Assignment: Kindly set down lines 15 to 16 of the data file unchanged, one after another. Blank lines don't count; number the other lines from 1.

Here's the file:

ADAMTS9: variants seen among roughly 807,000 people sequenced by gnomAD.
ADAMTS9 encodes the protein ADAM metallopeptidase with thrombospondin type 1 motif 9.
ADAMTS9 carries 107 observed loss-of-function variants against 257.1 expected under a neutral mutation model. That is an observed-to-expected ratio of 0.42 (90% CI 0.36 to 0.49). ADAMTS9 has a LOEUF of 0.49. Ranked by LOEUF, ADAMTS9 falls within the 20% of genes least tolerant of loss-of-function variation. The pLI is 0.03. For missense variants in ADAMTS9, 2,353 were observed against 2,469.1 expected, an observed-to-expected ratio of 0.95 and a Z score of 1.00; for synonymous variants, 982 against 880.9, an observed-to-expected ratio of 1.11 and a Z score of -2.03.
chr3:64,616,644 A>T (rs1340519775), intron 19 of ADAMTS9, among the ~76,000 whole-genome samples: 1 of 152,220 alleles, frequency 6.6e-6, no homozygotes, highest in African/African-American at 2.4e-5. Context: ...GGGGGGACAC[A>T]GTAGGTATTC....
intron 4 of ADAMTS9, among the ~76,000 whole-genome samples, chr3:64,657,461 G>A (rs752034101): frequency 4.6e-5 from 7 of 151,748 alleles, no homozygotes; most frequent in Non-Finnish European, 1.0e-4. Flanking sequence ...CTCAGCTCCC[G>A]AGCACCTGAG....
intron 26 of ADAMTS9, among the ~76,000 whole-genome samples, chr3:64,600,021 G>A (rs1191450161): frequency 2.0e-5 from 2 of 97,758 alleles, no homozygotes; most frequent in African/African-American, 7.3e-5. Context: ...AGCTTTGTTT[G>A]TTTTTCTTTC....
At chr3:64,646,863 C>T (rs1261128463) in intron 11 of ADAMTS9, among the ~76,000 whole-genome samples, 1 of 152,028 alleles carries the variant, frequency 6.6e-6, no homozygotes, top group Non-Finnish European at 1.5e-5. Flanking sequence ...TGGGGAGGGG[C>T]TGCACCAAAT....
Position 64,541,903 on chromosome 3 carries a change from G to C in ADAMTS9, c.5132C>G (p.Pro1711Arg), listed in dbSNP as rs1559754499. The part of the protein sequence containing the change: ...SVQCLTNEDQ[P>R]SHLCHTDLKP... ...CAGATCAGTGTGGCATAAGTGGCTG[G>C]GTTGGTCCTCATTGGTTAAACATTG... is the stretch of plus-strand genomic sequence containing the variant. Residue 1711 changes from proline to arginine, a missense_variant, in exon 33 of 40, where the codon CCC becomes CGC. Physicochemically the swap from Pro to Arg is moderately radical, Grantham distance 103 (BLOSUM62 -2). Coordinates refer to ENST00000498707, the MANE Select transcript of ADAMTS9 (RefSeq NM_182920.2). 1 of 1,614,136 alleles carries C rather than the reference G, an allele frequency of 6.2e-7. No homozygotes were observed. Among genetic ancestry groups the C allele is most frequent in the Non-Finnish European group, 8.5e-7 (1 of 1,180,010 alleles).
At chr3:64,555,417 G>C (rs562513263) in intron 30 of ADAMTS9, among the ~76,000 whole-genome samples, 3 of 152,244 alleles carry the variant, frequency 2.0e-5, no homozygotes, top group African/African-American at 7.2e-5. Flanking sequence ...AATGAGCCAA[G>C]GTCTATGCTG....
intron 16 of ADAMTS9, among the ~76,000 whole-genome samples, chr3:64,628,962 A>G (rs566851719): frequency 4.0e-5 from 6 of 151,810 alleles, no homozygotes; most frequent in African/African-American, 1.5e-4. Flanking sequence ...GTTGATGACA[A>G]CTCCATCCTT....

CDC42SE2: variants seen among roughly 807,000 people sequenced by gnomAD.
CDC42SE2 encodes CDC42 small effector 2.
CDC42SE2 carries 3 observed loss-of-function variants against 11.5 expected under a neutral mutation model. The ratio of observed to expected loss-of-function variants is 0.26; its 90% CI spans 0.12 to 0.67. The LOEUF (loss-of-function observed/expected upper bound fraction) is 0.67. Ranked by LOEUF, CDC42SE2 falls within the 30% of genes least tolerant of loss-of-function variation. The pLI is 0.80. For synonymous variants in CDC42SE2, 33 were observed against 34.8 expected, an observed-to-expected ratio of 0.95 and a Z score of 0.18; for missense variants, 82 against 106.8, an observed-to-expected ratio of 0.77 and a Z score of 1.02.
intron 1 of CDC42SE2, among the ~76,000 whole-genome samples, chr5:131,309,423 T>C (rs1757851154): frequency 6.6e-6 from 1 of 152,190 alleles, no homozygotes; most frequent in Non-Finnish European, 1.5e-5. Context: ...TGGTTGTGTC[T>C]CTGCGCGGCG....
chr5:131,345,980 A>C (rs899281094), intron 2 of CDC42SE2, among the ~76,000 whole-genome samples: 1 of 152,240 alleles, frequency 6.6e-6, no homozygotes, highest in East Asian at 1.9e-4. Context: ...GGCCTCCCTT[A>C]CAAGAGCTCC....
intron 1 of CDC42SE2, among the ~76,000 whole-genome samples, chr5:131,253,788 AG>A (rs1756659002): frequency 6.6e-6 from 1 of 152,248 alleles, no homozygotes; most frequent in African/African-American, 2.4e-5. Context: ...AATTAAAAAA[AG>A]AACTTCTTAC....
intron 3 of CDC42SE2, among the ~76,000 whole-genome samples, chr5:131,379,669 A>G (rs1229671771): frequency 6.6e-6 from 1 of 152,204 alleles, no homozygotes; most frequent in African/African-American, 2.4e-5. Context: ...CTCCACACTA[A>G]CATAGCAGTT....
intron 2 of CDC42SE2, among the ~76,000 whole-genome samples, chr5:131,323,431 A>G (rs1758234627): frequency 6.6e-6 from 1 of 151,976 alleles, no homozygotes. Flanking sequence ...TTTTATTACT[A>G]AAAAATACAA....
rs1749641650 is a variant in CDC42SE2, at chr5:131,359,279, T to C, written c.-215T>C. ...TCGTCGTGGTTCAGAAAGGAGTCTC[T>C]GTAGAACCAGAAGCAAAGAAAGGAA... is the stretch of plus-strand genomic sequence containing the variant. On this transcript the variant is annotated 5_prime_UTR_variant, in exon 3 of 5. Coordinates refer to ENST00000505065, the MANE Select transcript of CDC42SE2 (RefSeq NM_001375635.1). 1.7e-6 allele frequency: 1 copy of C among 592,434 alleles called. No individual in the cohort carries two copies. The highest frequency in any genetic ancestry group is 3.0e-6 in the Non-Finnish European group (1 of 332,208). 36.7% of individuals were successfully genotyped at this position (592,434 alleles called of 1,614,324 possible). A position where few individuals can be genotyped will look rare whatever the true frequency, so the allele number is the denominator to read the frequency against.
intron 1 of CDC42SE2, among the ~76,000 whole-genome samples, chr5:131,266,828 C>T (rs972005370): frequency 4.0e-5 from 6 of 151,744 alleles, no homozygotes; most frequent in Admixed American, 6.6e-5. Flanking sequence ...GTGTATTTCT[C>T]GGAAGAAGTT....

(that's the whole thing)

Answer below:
chr5:131,345,980 A>C (rs899281094), intron 2 of CDC42SE2, among the ~76,000 whole-genome samples: 1 of 152,240 alleles, frequency 6.6e-6, no homozygotes, highest in East Asian at 1.9e-4. Context: ...GGCCTCCCTT[A>C]CAAGAGCTCC....
intron 1 of CDC42SE2, among the ~76,000 whole-genome samples, chr5:131,253,788 AG>A (rs1756659002): frequency 6.6e-6 from 1 of 152,248 alleles, no homozygotes; most frequent in African/African-American, 2.4e-5. Context: ...AATTAAAAAA[AG>A]AACTTCTTAC....